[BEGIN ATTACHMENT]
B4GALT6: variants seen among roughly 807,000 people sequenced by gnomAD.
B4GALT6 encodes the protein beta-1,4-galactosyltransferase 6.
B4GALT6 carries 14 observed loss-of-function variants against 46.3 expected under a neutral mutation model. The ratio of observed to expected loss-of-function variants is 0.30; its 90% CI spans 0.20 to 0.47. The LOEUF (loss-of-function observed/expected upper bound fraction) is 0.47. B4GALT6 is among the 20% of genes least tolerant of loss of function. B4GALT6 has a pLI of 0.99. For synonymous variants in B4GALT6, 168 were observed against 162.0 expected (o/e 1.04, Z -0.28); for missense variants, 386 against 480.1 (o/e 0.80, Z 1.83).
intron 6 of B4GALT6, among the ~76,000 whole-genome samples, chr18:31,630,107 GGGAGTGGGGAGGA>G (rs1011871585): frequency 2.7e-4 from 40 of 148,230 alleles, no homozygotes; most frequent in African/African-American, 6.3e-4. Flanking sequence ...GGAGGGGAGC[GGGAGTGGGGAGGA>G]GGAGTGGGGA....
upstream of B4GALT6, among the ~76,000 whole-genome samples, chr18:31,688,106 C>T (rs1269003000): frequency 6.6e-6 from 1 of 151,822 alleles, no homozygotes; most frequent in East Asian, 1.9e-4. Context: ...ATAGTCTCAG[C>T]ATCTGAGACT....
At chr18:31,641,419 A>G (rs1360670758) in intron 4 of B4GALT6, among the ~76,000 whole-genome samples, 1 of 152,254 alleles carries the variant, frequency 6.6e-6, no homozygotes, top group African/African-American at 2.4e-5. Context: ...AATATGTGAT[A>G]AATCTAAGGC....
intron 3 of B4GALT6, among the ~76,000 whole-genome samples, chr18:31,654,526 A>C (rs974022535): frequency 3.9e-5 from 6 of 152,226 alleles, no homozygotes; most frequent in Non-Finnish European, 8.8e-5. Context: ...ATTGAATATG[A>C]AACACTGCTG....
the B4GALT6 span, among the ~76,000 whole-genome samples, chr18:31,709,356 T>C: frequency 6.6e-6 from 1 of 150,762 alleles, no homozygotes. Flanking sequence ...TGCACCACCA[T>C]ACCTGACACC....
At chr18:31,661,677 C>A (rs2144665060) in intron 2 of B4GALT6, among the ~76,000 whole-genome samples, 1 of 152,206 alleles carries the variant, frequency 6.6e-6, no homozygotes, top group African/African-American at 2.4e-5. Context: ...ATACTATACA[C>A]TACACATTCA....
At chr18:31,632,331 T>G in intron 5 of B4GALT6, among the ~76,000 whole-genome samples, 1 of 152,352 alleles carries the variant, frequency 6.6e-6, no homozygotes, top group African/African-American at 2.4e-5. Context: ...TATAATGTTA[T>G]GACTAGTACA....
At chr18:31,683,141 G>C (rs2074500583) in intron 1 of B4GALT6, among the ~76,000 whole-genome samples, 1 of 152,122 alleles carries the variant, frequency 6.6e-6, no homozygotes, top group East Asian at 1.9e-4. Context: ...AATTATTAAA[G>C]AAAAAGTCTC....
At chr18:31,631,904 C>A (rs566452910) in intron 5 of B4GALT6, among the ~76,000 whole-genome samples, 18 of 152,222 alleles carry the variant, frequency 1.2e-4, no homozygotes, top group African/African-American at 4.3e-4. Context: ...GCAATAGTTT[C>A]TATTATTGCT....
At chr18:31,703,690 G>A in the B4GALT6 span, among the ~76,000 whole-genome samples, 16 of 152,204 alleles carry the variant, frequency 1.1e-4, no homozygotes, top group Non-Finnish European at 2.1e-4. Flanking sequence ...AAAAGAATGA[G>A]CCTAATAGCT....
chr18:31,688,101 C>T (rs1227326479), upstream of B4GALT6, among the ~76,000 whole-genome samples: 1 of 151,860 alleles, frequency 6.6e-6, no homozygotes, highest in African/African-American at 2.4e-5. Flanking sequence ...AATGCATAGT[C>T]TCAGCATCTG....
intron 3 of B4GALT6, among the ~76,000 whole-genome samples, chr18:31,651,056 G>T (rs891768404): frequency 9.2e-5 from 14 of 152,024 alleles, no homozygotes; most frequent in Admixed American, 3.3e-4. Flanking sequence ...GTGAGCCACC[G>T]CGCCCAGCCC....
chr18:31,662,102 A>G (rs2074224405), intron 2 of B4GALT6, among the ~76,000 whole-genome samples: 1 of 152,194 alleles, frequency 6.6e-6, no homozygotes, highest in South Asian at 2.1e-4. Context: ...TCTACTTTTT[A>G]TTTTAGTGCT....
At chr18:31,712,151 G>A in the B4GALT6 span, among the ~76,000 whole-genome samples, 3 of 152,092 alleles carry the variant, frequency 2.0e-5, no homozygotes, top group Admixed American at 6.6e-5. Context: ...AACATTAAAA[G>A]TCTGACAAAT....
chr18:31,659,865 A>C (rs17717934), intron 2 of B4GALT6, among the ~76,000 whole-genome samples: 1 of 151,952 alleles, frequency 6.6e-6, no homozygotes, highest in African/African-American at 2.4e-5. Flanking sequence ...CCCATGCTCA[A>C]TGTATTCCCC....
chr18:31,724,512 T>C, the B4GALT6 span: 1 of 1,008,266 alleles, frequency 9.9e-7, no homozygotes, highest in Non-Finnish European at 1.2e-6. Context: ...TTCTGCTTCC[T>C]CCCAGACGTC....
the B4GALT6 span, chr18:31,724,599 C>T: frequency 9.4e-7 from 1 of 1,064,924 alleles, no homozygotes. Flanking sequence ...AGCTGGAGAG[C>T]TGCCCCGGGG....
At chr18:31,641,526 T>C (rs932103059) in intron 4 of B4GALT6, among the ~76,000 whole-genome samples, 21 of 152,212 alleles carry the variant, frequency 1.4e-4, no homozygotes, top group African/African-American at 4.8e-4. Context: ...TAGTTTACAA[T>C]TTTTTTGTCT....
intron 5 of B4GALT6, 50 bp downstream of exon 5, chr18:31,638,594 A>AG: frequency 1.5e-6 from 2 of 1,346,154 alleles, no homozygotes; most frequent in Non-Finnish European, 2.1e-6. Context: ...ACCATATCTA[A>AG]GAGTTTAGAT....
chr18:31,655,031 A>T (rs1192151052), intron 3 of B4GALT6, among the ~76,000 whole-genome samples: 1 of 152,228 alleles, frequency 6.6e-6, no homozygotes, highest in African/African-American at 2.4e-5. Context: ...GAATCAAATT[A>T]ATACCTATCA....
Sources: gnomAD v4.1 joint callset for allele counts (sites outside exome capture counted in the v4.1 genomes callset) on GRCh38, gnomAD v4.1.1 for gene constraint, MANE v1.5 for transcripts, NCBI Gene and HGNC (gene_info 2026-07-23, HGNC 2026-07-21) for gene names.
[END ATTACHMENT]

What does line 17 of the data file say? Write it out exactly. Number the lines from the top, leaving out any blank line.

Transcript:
At chr18:31,712,151 G>A in the B4GALT6 span, among the ~76,000 whole-genome samples, 3 of 152,092 alleles carry the variant, frequency 2.0e-5, no homozygotes, top group Admixed American at 6.6e-5. Context: ...AACATTAAAA[G>A]TCTGACAAAT....